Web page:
Celebrating Earth Day: Our Reflection on the Environmental Sector

Earth Day Blog - Julia and Kate - April 2022

The organizations working on the frontlines of environmental issues today are faced with myriad compelling opportunities to engage with a wide range of constituents (especially marginalized and underrepresented communities), to build inclusive movements, to transform policy, and to respond to the effects of climate change on people, wildlife, and landscapes. On this 52nd anniversary of Earth Day, we reflect on some trending themes in the sector: 

The desire – and need – to act quickly in fluctuating political and economic conditions 

We’re witnessing environmental groups being more nimble and responsive than ever in the face of local and national elections, the Covid-19 pandemic, catastrophic wildfires, and a seemingly endless array of other events affecting frontline communities, wildlife, and landscapes. Crafting clear, persuasive messaging strategies grounded in shared values helps rally existing supporters and engage first-time donors in times of need. Using multiple channels to share – and reshare – those messages – helps drive timely responses, whether for advocacy, for giving, or for both. 

More so, the power of strong messaging fosters emotional connections, instills hope, and creates compelling calls to action. These calls to action allow environmental nonprofits to communicate facts and wonky terms in a way supporters can understand and share with others. Finally, stories told by affected communities – instead of about them – ensure that supporters are hearing a first-person perspective grounded in authentic lived experiences. 

Inclusive movements and power sharing, especially with those harmed by environmental abuses, result in better and more durable solutions 

For decades, the environmental movement has worried about its graying and white constituency. More and more environmental leaders now understand the importance of engaging younger people, Indigenous communities, and people of color so their work better reflects and centers the communities they serve. Health improves, lawmakers listen, and justice prevails.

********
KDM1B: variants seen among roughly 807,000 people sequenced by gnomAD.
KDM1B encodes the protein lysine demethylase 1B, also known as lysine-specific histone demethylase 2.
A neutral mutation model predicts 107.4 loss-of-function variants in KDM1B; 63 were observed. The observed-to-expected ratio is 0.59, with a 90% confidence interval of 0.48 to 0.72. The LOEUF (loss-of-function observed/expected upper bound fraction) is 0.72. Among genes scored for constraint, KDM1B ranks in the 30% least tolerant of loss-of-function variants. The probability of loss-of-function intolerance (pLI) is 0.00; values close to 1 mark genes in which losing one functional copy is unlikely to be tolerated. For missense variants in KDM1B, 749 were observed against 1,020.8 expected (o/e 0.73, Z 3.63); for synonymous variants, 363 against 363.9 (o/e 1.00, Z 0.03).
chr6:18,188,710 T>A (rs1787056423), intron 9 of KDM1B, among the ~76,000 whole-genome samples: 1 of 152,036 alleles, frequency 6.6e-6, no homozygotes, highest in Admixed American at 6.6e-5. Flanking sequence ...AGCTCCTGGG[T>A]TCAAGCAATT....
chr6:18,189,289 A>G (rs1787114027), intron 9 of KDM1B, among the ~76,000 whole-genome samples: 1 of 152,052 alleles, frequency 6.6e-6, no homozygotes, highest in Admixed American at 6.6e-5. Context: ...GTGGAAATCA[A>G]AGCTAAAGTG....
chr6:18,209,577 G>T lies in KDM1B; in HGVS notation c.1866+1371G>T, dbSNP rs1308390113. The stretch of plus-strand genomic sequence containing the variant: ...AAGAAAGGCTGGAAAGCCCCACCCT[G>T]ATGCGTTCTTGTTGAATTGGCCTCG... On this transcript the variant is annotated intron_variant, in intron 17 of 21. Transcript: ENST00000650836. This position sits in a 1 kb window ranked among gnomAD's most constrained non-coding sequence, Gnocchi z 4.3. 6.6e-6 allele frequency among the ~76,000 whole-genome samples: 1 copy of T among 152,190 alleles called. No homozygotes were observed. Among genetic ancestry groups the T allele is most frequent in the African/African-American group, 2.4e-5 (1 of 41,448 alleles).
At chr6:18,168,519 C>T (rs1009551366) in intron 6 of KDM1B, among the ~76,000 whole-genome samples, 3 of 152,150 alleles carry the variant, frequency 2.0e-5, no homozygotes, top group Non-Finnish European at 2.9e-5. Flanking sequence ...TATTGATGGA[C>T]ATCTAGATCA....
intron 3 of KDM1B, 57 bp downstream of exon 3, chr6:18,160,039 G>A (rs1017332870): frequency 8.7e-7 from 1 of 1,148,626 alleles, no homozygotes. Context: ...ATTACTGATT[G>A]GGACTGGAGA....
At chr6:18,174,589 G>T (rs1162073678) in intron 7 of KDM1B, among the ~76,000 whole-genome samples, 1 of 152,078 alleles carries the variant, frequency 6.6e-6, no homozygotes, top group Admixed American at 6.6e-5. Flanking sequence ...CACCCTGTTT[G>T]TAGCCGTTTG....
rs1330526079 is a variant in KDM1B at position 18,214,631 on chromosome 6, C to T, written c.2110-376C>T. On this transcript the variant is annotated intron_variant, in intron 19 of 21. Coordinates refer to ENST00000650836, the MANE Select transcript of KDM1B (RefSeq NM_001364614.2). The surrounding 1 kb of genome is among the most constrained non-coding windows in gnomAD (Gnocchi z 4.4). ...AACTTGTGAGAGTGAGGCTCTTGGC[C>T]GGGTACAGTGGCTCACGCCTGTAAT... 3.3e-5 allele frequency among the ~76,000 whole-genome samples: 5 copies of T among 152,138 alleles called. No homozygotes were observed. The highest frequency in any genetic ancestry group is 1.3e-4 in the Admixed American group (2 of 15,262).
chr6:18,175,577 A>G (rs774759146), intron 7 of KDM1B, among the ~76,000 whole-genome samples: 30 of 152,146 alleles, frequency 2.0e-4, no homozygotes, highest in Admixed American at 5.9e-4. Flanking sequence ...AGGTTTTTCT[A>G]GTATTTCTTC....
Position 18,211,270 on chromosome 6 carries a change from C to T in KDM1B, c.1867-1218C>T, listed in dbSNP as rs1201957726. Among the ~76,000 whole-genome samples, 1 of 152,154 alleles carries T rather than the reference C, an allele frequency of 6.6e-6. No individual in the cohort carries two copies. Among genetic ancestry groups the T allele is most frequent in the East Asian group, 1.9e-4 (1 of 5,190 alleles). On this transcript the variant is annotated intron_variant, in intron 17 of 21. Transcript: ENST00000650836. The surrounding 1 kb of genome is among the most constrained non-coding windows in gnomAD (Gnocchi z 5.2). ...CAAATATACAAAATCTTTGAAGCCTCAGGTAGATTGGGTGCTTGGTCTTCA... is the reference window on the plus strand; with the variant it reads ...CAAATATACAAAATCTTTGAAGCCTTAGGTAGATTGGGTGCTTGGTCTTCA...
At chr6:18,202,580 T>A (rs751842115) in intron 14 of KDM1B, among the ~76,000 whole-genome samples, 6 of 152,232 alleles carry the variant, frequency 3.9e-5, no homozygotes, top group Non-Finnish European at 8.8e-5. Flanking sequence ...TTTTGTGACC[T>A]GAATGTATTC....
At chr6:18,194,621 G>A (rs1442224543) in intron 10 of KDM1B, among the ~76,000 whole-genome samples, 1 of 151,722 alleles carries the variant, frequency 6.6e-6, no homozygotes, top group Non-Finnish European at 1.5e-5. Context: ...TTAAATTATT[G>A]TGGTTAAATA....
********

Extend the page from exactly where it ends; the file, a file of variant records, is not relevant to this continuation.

We’re becoming aware of “emerging leaders” programs, public/private partnerships that ensure strategies and decisions are locally generated, segmented messaging for urban and rural supporters, programs to make public spaces more accessible, and land justice initiatives across the country – including a project completed by The Methow Conservancy in late 2021 to return a parcel of land to the Confederated Tribes of the Colville Reservation. Additionally, organizations like The Wilderness Society are increasingly guided both internally and externally by a commitment to diversity, equity, and inclusion. These organizations are stronger and their work is more meaningful and resilient as a result. 

The fundraising opportunities and challenges that climate change and other big issues bring 

In most communications and fundraising appeals across the movement, climate change is a given today – and the challenge is to clarify how the existential crisis intersects with each organization’s mission and response – whether the topic is food security, ocean acidification, or carbon sequestration. Furthermore, intersectionality is now explicitly acknowledged across the sector, including health, economic status, and race. Many are referencing the urgency of climate change – and building a resilient future – into direct marketing materials, while others have connected their work to broader issues and priorities including basic human needs and civil rights. Frameworks like 30 x 30 convey a sense that the window to make permanent, positive change across our lands and waters is closing, while also giving some structure and strategy to the cause. 

Giving to environmental causes is thriving. The movement is broadening. The pandemic reminded us of the joy and renewal that comes from spending time outside. We thank our partners in the environmental sector for their passion, commitment, creativity, and fierce determination. Happy Earth Day. 

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The Campbell & Company Environmental team has worked with organizations across the sector to build philanthropic support, craft compelling cases for support, leverage donor analytics, and find visionary leaders. With a deep bench of team members based in communities across the country, our team understands the issues facing environmental organizations nationwide, and we draw from this broad experience in every partnership. 

If you’re interested in launching Campbell & Company within your organization, contact us today.  

Nonprofit News, Fundraising, Environment & Conservation Trends

Julia McGuire and Kate Roosevelt

Julia McGuire and Kate Roosevelt are Campbell & Company's Co-Presidents. They complement each other in their work and find new ways to face challenges and develop ideas to advance missions across the nonprofit sector.

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